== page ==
ISSN 2330-717X

Community, True And False – OpEd

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Leftists affect to love the community. When they make or support a political proposal, they are likely to say that it is for the community, that it is what the community wants.

In discussions with such people, I find that they think I’m crazy for challenging their conception of community and what promotes the society’s peace, prosperity, and good order. They take me to be some sort of rugged individualist, the sort of character Ayn Rand might relish.

They’re wrong about me. I place a high value on community, and I feel sorry for people who have no membership in one.

But I distinguish true community and false community. The line that separates them is the locus of points at which people bring government compulsion to bear to compel those who disagree with them to fall into line or suffer punishment. This is the line that separates those who recognize and respect everyone’s natural rights and those who do not.

True communities form spontaneously and function voluntarily. False communities represent groups of people who use political means to victimize those outside the group and violate their natural rights. True communities have no need for cops; false communities cannot get by without them. False communities are more accurately described as political factions.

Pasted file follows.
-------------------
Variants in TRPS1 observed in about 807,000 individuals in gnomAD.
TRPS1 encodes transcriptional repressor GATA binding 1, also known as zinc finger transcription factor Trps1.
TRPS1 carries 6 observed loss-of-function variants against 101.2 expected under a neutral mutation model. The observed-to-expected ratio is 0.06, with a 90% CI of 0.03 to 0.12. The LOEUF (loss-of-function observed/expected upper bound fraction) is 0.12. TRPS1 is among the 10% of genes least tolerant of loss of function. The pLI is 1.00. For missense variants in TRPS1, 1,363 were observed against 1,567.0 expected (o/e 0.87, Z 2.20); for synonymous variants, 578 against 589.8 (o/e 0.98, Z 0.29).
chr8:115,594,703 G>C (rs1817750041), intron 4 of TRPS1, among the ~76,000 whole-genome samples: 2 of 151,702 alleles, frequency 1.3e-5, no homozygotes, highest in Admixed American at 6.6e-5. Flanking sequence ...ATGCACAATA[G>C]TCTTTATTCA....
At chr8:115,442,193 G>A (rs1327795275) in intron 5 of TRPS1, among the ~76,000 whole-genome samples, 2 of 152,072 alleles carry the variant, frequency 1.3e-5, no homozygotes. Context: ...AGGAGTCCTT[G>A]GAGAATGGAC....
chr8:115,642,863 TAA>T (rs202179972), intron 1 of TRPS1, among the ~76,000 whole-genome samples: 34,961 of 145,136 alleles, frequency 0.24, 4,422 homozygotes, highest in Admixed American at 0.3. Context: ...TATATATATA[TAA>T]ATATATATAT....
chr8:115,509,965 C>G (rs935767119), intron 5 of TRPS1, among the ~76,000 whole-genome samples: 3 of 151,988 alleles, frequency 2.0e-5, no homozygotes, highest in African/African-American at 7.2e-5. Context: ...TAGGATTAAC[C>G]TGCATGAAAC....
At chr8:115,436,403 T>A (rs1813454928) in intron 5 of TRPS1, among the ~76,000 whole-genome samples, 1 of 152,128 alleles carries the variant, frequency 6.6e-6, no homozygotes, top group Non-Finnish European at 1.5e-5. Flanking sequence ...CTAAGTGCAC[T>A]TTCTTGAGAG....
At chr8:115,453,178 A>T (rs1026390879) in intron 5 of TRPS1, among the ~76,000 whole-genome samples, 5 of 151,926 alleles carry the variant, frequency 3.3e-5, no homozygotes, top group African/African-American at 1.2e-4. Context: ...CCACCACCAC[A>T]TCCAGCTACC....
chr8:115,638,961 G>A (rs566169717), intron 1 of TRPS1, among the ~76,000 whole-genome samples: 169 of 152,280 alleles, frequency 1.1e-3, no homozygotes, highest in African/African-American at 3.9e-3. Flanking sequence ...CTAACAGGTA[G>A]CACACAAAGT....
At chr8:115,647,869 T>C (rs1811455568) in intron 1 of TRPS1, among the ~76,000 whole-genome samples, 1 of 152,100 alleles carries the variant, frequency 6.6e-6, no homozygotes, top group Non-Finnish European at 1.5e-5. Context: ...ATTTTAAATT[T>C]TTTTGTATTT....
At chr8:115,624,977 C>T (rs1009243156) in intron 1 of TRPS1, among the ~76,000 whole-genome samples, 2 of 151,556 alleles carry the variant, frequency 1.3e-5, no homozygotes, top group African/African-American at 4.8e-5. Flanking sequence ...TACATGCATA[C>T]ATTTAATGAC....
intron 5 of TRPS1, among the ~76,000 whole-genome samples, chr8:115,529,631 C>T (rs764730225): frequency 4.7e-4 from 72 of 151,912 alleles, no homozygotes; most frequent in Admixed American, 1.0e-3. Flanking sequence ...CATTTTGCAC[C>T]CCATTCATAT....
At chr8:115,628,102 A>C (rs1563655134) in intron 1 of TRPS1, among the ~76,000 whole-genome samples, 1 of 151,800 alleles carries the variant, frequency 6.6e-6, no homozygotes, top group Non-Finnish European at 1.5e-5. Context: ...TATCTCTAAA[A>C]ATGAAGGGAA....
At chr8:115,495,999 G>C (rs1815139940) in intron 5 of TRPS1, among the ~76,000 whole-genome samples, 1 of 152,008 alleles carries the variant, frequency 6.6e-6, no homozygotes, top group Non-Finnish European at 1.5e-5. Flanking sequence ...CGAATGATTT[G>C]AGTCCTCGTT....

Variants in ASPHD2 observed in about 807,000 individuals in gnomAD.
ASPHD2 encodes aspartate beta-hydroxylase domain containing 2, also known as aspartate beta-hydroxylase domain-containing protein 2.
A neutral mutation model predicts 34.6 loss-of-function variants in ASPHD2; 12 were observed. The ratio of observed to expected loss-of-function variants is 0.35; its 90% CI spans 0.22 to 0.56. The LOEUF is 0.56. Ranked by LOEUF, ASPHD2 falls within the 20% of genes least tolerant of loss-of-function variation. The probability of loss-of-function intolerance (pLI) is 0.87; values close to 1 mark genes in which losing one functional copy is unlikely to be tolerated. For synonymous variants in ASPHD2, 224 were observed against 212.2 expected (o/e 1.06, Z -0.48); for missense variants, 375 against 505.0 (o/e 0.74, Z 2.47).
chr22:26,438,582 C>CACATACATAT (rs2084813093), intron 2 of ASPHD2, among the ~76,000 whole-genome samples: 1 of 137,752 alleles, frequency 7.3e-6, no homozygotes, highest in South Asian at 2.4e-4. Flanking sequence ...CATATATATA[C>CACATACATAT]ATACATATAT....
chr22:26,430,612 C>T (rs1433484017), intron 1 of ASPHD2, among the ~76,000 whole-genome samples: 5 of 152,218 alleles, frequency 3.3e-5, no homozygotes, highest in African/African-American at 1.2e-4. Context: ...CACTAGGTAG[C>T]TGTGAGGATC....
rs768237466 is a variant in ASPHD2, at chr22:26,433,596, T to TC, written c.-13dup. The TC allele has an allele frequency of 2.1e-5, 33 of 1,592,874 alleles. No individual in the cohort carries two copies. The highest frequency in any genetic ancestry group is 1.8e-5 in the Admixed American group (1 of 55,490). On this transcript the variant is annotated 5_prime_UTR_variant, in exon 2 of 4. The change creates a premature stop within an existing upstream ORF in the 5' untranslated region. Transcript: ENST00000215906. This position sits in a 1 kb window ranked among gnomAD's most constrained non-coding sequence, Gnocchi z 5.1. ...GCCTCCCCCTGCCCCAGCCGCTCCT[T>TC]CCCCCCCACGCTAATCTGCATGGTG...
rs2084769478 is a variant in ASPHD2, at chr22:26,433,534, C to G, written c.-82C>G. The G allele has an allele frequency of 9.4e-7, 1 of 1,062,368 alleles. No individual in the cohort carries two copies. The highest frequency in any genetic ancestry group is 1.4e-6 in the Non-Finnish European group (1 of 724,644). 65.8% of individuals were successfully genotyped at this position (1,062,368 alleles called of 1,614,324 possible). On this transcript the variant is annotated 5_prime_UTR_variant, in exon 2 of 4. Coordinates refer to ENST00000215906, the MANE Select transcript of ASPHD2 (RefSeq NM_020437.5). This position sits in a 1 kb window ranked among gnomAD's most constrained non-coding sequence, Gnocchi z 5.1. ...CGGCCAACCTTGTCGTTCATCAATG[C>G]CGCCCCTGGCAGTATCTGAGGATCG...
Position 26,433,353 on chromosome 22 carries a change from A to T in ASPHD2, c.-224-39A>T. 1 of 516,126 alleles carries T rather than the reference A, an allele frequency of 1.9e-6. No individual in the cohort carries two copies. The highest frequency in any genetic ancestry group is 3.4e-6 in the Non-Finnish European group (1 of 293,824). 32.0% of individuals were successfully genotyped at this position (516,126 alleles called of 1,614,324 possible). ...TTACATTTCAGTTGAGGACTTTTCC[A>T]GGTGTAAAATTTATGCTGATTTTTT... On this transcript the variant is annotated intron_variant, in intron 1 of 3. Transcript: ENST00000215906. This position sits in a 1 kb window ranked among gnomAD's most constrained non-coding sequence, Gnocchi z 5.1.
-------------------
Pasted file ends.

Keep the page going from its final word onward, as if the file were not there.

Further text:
Robert Higgs

Robert Higgs

Robert Higgs is Senior Fellow in Political Economy for The Independent Institute and Editor of the Institute’s quarterly journal The Independent Review. He received his Ph.D. in economics from Johns Hopkins University, and he has taught at the University of Washington, Lafayette College, Seattle University, and the University of Economics, Prague. He has been a visiting scholar at Oxford University and Stanford University, and a fellow for the Hoover Institution and the National Science Foundation.

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